Even thought this exhibit ran four years ago (Spring 2011) at the Museo Textile de Oaxaca, it was a splendid opportunity to see MTO’s superb collection of historical, refined, elaborate, colorful, and precious little shoulder and chest covering garments. Please, don’t call them ponchos! The quech-que-mitl (I’ve broken the Nahua word into syllables) is a garment unique only-to-Mexico and has been in production for easily over two thousand years. The story told is that quechquemitles were first observed historically in temple frescoes and ceramics of the ancient Olmec and Oaxacan cultures and later in codices.
Quechques in Codices
In pre-conquest times it was worn as an upper-body covering by the priestesses and high born women who had access to the most sumptuous textiles. After the conquest this garment became widely used in the indigenous communities who adapted it, embellished it with their sacred symbols and made it their own. Although currently it is seen in only a few communities of central Mexico – Nahuas, Mazahuas, Purepeche, Hustecos, it is thought to have been worn in most villages in central Mexico after the conquest and before the European peasant blouse became common. It was encouraged by the Spanish, so that women would be covered to enter the churches and their group identity could be recognized. It is one of the first garments worn exclusively by women along with the enredo (wrap around and tube skirt) which I will blog on later.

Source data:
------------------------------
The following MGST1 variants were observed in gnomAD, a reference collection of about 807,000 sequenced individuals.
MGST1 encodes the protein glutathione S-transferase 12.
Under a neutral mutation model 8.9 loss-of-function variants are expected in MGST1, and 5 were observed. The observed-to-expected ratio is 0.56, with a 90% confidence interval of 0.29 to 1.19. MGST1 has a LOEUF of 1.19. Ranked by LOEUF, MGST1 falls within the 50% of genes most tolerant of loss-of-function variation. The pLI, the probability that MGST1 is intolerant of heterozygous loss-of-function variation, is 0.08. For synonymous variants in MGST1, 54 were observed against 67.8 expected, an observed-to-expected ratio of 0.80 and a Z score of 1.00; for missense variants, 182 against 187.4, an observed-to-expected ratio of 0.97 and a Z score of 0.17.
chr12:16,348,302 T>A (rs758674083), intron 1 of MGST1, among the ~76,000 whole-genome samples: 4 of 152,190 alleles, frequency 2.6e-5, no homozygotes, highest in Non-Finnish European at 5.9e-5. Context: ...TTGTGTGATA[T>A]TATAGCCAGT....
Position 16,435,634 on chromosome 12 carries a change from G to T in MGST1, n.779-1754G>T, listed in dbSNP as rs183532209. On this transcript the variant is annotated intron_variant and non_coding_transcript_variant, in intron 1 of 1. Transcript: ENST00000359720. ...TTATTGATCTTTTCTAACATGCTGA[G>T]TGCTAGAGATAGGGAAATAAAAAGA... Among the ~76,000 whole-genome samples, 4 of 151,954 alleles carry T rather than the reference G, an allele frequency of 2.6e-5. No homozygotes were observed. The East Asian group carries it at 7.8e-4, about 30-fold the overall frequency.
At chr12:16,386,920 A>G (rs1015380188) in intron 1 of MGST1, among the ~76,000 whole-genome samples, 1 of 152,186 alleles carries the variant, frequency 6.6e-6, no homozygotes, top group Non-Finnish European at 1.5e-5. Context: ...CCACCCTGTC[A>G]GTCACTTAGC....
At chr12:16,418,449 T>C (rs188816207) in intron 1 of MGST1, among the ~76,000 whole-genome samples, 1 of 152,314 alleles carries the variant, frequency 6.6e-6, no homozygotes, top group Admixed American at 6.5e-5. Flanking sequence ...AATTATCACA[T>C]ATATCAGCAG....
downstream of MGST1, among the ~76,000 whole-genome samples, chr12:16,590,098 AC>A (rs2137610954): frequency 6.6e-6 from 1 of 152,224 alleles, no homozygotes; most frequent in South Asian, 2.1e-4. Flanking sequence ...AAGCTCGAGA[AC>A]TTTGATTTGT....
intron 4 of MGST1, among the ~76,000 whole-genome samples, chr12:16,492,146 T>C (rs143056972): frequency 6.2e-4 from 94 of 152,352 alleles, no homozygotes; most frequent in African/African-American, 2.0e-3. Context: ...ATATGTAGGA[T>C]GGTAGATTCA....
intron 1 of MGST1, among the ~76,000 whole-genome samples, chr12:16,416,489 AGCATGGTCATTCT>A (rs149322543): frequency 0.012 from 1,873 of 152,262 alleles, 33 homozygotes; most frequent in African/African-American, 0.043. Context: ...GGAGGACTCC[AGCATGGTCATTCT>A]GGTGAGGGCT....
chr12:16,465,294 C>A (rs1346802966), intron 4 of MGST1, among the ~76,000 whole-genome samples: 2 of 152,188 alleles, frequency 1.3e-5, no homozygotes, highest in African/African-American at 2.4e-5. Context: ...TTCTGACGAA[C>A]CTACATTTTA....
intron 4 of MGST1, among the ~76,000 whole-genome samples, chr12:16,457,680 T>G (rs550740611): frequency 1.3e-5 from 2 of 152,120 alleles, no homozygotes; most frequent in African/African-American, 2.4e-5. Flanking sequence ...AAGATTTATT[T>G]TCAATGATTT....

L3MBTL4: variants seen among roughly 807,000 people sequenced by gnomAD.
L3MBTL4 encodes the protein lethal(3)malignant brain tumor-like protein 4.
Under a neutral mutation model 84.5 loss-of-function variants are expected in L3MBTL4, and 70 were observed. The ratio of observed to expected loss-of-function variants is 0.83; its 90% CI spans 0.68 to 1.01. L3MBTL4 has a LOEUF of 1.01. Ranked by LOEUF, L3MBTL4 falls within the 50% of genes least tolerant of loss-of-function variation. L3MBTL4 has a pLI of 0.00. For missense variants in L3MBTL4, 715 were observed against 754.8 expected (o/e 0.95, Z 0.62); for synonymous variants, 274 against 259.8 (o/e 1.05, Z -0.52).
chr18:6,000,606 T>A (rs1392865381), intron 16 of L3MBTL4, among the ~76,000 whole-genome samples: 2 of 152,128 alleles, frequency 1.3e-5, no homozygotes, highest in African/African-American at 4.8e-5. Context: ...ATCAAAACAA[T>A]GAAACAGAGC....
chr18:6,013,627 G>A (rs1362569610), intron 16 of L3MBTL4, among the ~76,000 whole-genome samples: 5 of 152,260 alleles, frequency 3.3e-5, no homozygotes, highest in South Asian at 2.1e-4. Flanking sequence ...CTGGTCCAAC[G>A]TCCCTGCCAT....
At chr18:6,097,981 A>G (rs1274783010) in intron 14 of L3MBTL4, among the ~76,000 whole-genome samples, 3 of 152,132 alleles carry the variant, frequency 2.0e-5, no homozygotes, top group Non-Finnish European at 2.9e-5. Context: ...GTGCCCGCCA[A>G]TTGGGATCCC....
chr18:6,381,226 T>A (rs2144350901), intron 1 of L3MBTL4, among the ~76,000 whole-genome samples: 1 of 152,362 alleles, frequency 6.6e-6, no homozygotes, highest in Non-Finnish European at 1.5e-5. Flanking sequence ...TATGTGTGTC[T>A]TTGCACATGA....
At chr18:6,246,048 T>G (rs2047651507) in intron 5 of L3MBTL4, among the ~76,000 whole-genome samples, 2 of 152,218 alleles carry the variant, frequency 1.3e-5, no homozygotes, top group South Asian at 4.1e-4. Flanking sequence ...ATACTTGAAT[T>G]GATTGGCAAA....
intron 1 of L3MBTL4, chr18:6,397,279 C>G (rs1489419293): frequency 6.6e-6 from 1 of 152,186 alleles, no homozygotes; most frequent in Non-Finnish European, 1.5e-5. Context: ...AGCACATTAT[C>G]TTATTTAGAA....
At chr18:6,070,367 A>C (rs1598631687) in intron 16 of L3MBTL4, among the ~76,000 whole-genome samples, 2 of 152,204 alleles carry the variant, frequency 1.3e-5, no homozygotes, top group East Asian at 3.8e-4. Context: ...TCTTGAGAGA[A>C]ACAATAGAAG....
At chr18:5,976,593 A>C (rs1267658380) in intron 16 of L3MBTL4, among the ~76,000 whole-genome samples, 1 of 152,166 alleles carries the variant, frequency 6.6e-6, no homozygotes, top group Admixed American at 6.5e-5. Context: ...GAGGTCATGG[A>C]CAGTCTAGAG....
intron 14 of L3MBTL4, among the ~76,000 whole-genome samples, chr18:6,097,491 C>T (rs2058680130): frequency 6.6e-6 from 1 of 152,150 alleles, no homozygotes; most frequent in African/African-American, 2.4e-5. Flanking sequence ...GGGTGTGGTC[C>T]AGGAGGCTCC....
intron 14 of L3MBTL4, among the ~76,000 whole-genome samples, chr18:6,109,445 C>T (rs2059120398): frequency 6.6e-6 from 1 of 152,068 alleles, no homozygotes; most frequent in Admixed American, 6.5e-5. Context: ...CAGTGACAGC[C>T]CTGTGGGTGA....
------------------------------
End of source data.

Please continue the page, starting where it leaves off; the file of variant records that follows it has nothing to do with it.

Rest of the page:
Pre-conquest garments were woven on the back-strap looms and the full web was used. A web could be woven in various widths and lengths specific for enredos (wrap skirts) quechquemitles (capelets) and manteles (large coverings). These webs were then joined together. To cut a hand woven cloth was to destroy its integrity or soul and spirit that went into its making. I managed to photograph the exhibit on several visits to Museo Textile de Oaxaca and following is a slide show of my favorites. In future posts, I will write about the two areas that I’ve explored that still use the quechquemitl: the Nahua of Cuetzalan, Puebla and the Mazahua of the State of Mexico.
The shortened pronunciation “Quech-que” is acceptable but don’t call it a poncho!! That’s a larger and more blanket-like garment.
Around the Santo Domingo church are several individual shops with fine textiles. Out and about? Take a look at these!
El Nahual – 412 A Reforma (near and across from the Botanical Garden) El Nahual is a small coop of friends who present the best of their work. Master weaver Erasto ‘Tito” Mendoza’s exquisitely woven tapestries are highlighted along with some excellent San Antonino embroidered ‘Oaxacan wedding dress’ style blouses by Miriam Campos Cornelio…and of course some other non-textile artisania i.e. jewelry, wood carvings and an interesting secondary market of prints from famous Oaxacan artists.Toledo anyone? Definitely great stuff!!